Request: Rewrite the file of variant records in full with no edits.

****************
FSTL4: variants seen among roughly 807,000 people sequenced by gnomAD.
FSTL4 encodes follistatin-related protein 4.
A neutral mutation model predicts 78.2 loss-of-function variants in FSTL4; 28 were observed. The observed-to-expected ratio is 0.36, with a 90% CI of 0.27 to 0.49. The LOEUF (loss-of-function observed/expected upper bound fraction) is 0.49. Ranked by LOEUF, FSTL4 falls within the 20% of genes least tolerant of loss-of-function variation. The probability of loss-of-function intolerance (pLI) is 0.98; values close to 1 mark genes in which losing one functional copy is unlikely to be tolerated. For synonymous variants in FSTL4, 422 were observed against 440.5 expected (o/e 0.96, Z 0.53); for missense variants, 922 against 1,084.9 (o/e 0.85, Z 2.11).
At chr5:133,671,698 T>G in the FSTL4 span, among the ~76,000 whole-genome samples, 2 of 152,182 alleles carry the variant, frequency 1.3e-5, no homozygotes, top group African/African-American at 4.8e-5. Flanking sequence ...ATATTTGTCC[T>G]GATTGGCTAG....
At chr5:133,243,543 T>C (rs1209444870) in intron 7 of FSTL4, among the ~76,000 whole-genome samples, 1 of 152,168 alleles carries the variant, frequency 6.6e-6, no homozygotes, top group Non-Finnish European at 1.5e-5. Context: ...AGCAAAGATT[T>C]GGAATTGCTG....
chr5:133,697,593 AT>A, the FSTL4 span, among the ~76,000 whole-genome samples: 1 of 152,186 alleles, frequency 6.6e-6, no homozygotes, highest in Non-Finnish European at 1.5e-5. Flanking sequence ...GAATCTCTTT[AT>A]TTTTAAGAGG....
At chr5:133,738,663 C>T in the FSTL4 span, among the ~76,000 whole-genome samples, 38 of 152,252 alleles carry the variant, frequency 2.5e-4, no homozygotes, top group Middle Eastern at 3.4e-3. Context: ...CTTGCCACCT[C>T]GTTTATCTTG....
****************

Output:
FSTL4: variants seen among roughly 807,000 people sequenced by gnomAD.
FSTL4 encodes follistatin-related protein 4.
A neutral mutation model predicts 78.2 loss-of-function variants in FSTL4; 28 were observed. The observed-to-expected ratio is 0.36, with a 90% CI of 0.27 to 0.49. The LOEUF (loss-of-function observed/expected upper bound fraction) is 0.49. Ranked by LOEUF, FSTL4 falls within the 20% of genes least tolerant of loss-of-function variation. The probability of loss-of-function intolerance (pLI) is 0.98; values close to 1 mark genes in which losing one functional copy is unlikely to be tolerated. For synonymous variants in FSTL4, 422 were observed against 440.5 expected (o/e 0.96, Z 0.53); for missense variants, 922 against 1,084.9 (o/e 0.85, Z 2.11).
At chr5:133,671,698 T>G in the FSTL4 span, among the ~76,000 whole-genome samples, 2 of 152,182 alleles carry the variant, frequency 1.3e-5, no homozygotes, top group African/African-American at 4.8e-5. Flanking sequence ...ATATTTGTCC[T>G]GATTGGCTAG....
At chr5:133,243,543 T>C (rs1209444870) in intron 7 of FSTL4, among the ~76,000 whole-genome samples, 1 of 152,168 alleles carries the variant, frequency 6.6e-6, no homozygotes, top group Non-Finnish European at 1.5e-5. Context: ...AGCAAAGATT[T>C]GGAATTGCTG....
chr5:133,697,593 AT>A, the FSTL4 span, among the ~76,000 whole-genome samples: 1 of 152,186 alleles, frequency 6.6e-6, no homozygotes, highest in Non-Finnish European at 1.5e-5. Flanking sequence ...GAATCTCTTT[AT>A]TTTTAAGAGG....
At chr5:133,738,663 C>T in the FSTL4 span, among the ~76,000 whole-genome samples, 38 of 152,252 alleles carry the variant, frequency 2.5e-4, no homozygotes, top group Middle Eastern at 3.4e-3. Context: ...CTTGCCACCT[C>T]GTTTATCTTG....